Wednesday, October 3, 2012

Tragedy of a strong man

Everyone is afraid of the brutal and ruthless Okonkwo, especially his downtrodden wives and children. But that’s a disguise:

“His whole life was dominated by fear, the fear of failure and of weakness … It was the fear of himself, lest he should be found to resemble his father. Even as a little boy he had resented his father’s failure and weakness … Okonkwo was ruled by one passion -- to hate everything that his father Unoka had loved. One of those things was gentleness.” 

As in a Greek tragedy, Okonkwo’s fatal, secret flaw leads inexorably to his downfall.

 Okonkwo is the protagonist of Things Fall Apart, the 1958 novel by Nigerian author Chinua Achebe. It is the story of the transformation of colonial Nigeria, shown from the point of view of a man who is unable to change with it. It is also a piercingly observant story of a man whose pride and fear lead him to behave cruelly, especially to those he loves.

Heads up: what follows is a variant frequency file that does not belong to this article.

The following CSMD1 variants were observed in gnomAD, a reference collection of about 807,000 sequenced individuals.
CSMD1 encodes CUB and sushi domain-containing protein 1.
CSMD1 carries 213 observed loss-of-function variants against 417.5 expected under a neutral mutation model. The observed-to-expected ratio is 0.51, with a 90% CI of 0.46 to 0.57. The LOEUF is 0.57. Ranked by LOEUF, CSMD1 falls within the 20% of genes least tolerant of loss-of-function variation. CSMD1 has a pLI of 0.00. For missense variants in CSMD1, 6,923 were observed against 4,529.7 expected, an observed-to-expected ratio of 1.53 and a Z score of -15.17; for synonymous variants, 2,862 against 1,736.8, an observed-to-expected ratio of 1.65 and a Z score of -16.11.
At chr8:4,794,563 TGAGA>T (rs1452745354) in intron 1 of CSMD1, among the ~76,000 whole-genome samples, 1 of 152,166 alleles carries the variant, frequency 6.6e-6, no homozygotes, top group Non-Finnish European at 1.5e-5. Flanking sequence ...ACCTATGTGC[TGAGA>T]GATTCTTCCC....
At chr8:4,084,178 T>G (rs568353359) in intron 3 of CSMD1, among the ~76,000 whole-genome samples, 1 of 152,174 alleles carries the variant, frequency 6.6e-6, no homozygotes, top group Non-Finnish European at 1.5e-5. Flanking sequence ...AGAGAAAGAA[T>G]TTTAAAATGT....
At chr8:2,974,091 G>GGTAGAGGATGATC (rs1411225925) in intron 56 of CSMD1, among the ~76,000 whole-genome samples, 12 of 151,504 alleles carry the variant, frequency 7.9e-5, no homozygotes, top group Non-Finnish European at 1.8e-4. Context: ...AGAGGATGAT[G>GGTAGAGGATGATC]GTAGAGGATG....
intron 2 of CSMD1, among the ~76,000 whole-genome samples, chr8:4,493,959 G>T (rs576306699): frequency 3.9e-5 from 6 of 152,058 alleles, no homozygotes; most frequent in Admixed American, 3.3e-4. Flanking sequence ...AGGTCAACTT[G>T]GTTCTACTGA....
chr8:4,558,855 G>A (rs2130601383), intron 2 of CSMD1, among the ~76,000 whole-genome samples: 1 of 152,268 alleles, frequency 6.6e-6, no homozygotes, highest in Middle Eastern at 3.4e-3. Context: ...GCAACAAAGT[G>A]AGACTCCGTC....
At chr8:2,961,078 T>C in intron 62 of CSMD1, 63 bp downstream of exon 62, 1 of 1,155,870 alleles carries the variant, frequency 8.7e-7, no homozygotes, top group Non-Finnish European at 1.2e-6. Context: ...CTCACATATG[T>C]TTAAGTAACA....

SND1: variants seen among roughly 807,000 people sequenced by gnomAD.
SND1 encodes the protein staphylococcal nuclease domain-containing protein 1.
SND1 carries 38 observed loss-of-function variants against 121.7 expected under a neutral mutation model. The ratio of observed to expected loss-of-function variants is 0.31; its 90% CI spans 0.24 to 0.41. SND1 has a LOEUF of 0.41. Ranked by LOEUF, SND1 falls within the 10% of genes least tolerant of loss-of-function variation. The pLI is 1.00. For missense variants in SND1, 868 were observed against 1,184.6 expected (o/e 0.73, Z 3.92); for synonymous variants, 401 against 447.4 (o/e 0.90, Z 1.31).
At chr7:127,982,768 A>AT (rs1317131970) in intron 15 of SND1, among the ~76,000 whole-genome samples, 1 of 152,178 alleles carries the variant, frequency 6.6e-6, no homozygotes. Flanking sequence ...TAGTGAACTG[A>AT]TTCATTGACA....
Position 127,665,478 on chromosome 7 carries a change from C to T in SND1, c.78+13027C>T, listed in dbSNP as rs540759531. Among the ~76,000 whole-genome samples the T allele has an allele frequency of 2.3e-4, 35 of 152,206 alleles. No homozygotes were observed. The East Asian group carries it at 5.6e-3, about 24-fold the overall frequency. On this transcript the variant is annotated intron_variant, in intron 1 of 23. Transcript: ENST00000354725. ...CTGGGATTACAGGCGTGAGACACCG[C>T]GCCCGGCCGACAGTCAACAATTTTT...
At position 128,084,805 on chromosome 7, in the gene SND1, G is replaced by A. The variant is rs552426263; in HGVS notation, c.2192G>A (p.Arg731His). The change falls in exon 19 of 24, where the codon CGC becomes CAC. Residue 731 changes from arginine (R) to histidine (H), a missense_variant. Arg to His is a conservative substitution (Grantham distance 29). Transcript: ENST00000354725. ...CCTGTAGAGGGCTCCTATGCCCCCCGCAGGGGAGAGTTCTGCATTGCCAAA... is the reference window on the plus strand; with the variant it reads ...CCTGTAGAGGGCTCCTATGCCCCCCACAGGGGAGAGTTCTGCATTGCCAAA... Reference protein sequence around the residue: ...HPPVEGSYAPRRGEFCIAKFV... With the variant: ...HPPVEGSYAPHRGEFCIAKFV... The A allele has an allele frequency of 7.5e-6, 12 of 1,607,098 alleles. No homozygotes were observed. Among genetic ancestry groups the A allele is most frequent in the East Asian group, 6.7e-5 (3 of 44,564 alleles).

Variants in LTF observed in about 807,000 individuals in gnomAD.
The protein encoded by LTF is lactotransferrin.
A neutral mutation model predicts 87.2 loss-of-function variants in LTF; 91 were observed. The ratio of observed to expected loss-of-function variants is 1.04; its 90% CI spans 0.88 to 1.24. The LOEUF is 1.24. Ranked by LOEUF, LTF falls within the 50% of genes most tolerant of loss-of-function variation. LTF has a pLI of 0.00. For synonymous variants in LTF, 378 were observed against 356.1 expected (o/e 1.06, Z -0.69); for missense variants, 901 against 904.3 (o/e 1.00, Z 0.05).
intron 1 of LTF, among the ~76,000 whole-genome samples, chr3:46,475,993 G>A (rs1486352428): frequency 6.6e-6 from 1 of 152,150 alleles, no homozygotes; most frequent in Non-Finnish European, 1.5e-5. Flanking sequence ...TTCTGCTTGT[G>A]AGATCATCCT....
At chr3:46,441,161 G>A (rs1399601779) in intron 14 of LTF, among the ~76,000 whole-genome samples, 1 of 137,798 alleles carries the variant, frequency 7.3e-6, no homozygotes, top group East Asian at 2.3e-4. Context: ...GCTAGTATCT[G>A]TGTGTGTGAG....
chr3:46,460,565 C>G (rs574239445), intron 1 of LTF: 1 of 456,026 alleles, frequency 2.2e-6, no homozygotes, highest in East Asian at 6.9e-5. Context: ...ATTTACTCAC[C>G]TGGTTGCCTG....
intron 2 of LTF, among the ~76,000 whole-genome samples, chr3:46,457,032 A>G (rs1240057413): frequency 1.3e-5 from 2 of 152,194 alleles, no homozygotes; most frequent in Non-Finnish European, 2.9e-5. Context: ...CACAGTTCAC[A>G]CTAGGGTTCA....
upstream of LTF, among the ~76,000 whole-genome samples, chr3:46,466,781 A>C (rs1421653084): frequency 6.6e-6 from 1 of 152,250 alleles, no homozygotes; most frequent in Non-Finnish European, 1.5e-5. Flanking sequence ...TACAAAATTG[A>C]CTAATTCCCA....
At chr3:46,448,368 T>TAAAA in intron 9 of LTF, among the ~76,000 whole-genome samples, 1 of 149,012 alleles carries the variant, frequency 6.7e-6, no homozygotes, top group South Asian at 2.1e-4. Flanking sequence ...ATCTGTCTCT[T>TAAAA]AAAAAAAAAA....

Achebe was born in southern Nigeria 1930, many decades after the events portrayed in this novel. He does not portray precolonial Nigerian society as a paradise, but reveals its injustice and brutishness as well as its beautiful stories, complex rituals, and rich spiritual life.

Things Fall Apart is a classic novel, one of the first to explore the complexities of the colonial experience in Africa, and taught in college classes all over the world. (I read it in a cultural anthropology class in the early ‘90s, and then picked it up again and reread it with pleasure this year.)

If you haven’t read it, or if your only experience with it was as an assignment, I recommend you give this beautifully written, psychologically acute novel a try.

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